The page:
Sex, Drugs, and Boredom

Why we should take entertainment more seriously than we do.

In Defense of Late Bloomers

Maybe late bloomers are really early

I was a late bloomer. There's some self-praise embedded in that statement, because it implies that I bloomed, a point that could be disputed. So we'll just say that to the extent I bloomed, it happened late. Specifically: I didn't start dating until my late teen years, and it was also then I finally stopped growing and discovered my admittedly limited athletic abilities. Maybe most important, it was when I was around 17 when I rather suddenly gained some self-confidence and awareness of who I was.

That's enough self-disclosure for now, in fact for the next year or so; now I'll turn to late bloomers more generally. We regard late bloomers as somewhat odd, they are not typically the popular kids in high school, they seem a little lost, often they are rather nerdy. In fact, to say that someone is a late bloomer is usually a nice way of saying they are sort of a loser.

But here's a counter-intuitive spin on late bloomers: Rather than being slow to mature, maybe in fact they are actually ahead of their peers. Maybe they don't fit in because it takes several years for their peers to catch up to them. Because if you think about it, the sorts of things that late bloomers don't fit into are not exactly mature and adult behavior: an overwhelming concern with how you are seen by your peers, conformity to prevailing social norms, participation in fads, precocious sexuality, fanatic competition for position in the social hierarchy.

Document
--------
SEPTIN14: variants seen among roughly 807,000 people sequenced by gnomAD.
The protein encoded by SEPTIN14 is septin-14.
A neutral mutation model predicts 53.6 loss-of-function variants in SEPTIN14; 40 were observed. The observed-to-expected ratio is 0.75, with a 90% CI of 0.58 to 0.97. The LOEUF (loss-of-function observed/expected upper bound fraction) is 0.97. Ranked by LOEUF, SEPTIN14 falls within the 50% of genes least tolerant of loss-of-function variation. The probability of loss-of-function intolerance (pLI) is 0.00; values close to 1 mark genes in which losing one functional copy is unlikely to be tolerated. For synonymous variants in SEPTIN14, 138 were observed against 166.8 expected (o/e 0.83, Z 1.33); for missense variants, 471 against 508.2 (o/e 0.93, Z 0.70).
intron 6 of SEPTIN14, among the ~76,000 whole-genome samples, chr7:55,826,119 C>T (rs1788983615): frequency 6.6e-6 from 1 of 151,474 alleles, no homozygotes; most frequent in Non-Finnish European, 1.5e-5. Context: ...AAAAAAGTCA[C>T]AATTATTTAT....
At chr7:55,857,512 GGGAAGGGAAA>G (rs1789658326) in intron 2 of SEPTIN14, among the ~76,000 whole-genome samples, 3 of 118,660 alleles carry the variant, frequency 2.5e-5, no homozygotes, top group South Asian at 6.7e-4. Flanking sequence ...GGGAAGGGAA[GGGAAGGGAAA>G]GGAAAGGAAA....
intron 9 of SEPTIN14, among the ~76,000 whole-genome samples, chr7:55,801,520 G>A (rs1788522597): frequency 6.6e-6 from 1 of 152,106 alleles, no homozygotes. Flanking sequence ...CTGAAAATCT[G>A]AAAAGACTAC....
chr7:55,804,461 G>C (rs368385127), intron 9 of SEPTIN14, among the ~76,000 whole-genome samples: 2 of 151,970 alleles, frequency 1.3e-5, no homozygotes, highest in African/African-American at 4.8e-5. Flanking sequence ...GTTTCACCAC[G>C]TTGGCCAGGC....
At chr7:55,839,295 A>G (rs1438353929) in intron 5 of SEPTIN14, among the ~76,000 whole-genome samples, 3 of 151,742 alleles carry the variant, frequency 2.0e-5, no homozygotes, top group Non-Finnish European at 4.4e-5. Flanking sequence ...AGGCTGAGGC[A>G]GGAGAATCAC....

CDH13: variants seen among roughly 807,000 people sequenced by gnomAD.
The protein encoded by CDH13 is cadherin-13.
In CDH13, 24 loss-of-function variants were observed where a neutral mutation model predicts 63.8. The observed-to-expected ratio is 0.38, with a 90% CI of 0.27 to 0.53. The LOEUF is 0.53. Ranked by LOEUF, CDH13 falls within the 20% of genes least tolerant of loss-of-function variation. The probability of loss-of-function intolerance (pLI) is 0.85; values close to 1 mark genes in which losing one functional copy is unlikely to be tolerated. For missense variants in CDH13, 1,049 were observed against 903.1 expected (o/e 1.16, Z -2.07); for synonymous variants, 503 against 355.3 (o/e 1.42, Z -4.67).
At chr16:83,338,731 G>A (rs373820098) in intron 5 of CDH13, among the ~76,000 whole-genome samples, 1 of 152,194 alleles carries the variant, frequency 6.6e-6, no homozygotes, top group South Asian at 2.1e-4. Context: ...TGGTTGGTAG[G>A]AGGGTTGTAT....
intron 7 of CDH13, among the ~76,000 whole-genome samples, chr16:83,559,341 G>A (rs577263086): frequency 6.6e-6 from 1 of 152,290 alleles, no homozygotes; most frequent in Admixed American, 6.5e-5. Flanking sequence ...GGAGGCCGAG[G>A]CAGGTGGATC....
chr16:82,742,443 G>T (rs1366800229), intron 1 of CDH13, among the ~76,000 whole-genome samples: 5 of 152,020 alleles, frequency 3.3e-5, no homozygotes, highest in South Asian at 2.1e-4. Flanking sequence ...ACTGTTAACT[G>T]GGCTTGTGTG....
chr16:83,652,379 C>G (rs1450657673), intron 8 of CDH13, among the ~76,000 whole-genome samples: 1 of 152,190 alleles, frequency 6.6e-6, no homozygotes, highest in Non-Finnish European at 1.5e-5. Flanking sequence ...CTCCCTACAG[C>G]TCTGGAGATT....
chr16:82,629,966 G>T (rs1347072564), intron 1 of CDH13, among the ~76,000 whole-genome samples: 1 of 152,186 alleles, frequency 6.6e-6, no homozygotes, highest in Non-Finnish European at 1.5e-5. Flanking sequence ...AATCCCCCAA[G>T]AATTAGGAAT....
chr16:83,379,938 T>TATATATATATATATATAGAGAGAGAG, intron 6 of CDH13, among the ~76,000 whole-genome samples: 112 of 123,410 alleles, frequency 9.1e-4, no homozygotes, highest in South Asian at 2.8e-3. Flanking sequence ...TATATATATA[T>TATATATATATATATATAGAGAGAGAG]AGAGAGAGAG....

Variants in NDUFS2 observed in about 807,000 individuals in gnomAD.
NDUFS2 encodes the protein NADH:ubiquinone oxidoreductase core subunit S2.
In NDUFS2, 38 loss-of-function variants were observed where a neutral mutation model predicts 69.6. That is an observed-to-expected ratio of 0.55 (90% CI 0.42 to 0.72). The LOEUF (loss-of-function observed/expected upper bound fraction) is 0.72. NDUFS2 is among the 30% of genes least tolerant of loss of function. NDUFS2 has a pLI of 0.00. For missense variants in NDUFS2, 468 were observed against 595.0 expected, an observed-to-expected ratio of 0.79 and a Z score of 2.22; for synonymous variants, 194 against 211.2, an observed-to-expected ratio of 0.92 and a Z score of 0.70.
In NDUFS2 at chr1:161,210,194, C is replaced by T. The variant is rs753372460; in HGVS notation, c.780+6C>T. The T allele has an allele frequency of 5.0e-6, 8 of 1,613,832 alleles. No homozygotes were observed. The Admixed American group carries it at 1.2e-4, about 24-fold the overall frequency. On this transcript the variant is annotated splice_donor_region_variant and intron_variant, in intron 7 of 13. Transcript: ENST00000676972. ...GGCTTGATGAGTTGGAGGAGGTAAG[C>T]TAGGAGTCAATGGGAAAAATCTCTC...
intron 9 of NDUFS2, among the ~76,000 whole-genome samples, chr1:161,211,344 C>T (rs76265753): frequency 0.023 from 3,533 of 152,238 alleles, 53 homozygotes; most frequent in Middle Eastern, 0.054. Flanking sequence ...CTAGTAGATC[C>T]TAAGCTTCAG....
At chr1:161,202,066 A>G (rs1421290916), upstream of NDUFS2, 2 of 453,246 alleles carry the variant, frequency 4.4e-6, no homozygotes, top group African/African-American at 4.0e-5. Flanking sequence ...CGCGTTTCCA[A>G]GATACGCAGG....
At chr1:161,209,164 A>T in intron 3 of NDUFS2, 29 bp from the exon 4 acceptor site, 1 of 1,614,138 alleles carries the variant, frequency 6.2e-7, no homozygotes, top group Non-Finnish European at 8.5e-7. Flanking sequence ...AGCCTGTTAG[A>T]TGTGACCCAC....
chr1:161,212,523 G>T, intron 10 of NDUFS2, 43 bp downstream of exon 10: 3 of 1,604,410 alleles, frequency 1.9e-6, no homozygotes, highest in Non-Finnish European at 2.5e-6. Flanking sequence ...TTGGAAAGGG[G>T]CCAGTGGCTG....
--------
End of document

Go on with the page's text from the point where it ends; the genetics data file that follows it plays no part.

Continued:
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I don't really mean to suggest that early or middle bloomers are immature, that's a generalization that is surely unwarranted. But I'm interested in the fact that people kind of look down on late bloomers, which suggests that our cultural standards in fact encourage those behaviors I just mentioned in the previous paragraph, because when somebody doesn't act this way he or she is considered a weirdo.

Now we're back to something that I have often pointed out in this blog, the fact that our values are not always what we claim they are. Our society (and probably other societies as well) has a set of shadow values-behaviors that we officially we claim to deplore, but actually we do much to promote.

So why should our society encourage teen-agers to be highly conformist, obsessed with popularity and the latest fads, and to flaunt their developing sexuality? The reason is that these behaviors are in fact highly compatible with a culture based in entertainment and consumption, as ours is. Children who are very concerned with displaying how they are in touch with the latest trends are fabulous and dependable consumers, and their concerns drive the larger economy of trendiness. And children who are highly oriented to physical arousal are going to pursue it where they can find it, in drugs, entertainment and sex. The fact is that our social and economic system encourages a number of values and behaviors we claim to deplore. Our mild disdain for "late bloomers" is just one more example of this.

For more information, visit Peter G. Stromberg's website.  Photo posted on flickr by Annia316.

 

Peter Stromberg, Ph.D., is an Anthropologist and author of Caught in Play: How entertainment works on you.

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